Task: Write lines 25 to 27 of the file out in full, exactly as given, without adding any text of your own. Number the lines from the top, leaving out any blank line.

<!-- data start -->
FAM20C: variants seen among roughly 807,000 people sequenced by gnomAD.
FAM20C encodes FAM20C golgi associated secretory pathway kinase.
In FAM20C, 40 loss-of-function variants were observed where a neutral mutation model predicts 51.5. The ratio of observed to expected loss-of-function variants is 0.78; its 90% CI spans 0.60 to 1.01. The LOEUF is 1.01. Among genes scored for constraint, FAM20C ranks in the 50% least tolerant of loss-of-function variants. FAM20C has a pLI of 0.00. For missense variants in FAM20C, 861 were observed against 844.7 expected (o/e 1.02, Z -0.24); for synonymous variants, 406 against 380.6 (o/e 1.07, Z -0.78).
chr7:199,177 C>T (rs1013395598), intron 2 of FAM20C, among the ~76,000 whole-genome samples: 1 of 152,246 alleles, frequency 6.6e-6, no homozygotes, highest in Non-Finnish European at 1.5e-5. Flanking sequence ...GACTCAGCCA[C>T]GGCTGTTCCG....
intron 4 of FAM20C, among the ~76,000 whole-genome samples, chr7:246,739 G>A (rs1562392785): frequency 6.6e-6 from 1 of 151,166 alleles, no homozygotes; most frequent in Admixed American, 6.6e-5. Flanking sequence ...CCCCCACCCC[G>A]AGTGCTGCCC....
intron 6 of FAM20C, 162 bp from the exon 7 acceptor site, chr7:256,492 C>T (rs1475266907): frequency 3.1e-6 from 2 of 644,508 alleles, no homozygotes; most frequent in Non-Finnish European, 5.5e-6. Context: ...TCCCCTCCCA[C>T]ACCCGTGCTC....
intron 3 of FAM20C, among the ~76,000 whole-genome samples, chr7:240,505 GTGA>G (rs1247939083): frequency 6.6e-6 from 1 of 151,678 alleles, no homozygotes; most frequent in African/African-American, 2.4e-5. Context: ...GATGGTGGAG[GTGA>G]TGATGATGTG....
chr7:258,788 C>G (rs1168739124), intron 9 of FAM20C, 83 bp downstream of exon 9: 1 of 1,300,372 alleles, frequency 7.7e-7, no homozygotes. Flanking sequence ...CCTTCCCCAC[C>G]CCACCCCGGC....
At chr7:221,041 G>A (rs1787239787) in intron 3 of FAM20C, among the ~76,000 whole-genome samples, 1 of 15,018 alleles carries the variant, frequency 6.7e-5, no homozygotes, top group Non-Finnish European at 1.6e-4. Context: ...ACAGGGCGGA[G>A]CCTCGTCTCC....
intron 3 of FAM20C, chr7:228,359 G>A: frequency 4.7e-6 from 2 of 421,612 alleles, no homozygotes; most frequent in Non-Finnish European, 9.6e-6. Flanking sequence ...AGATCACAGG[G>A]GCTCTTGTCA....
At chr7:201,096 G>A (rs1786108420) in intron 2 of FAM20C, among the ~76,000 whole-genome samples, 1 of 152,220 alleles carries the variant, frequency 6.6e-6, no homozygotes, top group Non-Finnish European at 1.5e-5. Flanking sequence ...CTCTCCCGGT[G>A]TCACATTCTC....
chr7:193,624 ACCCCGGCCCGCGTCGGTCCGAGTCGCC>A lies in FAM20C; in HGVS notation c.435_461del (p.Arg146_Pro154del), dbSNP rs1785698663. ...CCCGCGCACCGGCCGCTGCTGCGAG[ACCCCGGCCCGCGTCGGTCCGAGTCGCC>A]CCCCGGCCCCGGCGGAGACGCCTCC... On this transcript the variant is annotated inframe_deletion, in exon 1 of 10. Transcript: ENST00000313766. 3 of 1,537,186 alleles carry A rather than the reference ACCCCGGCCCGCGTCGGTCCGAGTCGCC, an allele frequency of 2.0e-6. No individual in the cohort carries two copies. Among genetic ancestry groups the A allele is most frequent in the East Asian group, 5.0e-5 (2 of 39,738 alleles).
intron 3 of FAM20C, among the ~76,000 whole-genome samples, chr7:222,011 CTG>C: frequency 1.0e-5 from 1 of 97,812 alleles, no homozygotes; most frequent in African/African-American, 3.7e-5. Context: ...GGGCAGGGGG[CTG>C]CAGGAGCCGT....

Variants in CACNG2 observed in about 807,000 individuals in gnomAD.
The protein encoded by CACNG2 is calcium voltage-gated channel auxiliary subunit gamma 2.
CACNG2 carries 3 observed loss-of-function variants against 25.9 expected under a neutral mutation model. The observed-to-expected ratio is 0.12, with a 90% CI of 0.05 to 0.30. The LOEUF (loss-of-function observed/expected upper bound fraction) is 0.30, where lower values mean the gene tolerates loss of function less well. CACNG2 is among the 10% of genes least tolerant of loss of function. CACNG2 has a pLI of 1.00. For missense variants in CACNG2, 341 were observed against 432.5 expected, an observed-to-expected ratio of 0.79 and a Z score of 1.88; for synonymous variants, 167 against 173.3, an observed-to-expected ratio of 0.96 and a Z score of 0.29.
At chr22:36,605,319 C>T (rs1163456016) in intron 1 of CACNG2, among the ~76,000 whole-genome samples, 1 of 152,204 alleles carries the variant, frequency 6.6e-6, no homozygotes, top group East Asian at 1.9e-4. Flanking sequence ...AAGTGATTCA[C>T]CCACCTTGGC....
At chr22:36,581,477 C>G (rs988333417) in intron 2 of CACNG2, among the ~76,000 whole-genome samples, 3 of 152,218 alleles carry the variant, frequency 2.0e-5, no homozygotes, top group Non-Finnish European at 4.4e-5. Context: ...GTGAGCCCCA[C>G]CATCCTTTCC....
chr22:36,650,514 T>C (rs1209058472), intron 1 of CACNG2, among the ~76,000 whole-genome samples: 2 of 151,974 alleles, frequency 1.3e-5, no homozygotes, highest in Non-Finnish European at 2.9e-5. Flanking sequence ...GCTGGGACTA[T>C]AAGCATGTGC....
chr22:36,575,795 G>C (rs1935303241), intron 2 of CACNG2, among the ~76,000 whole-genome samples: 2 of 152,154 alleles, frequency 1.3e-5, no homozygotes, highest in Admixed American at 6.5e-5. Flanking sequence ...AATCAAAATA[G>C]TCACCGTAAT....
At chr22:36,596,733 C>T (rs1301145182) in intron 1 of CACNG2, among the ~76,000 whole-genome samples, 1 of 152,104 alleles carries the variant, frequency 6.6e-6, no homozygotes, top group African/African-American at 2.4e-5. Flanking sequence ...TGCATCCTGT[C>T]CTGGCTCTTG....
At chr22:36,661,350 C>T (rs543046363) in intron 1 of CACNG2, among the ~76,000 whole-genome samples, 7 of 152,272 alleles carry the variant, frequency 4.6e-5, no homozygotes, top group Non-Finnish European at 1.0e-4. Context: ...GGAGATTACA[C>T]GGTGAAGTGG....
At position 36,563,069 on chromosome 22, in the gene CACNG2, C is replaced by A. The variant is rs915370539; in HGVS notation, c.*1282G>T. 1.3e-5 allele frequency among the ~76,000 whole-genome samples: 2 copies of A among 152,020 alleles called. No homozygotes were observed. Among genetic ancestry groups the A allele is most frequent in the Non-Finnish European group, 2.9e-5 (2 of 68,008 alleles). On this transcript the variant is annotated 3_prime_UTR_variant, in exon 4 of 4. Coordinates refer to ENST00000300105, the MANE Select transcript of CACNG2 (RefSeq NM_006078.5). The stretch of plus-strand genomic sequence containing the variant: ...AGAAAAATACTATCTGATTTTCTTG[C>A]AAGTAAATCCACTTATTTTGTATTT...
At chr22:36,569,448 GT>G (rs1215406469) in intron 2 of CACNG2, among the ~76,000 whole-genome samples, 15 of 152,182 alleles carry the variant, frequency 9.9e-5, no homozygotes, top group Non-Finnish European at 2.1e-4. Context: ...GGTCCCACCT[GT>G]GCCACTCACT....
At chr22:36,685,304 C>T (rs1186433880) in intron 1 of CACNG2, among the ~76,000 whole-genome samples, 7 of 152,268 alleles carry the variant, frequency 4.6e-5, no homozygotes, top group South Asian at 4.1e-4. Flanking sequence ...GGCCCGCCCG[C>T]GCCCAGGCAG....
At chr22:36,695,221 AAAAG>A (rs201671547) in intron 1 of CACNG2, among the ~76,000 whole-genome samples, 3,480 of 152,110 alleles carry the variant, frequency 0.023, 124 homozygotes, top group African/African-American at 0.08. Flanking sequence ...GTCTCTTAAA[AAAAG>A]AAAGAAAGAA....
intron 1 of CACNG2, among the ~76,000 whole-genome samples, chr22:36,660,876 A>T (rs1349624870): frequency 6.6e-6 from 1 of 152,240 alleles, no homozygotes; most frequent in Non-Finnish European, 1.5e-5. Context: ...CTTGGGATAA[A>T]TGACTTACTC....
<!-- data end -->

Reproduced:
At chr22:36,685,304 C>T (rs1186433880) in intron 1 of CACNG2, among the ~76,000 whole-genome samples, 7 of 152,268 alleles carry the variant, frequency 4.6e-5, no homozygotes, top group South Asian at 4.1e-4. Flanking sequence ...GGCCCGCCCG[C>T]GCCCAGGCAG....
At chr22:36,695,221 AAAAG>A (rs201671547) in intron 1 of CACNG2, among the ~76,000 whole-genome samples, 3,480 of 152,110 alleles carry the variant, frequency 0.023, 124 homozygotes, top group African/African-American at 0.08. Flanking sequence ...GTCTCTTAAA[AAAAG>A]AAAGAAAGAA....
intron 1 of CACNG2, among the ~76,000 whole-genome samples, chr22:36,660,876 A>T (rs1349624870): frequency 6.6e-6 from 1 of 152,240 alleles, no homozygotes; most frequent in Non-Finnish European, 1.5e-5. Context: ...CTTGGGATAA[A>T]TGACTTACTC....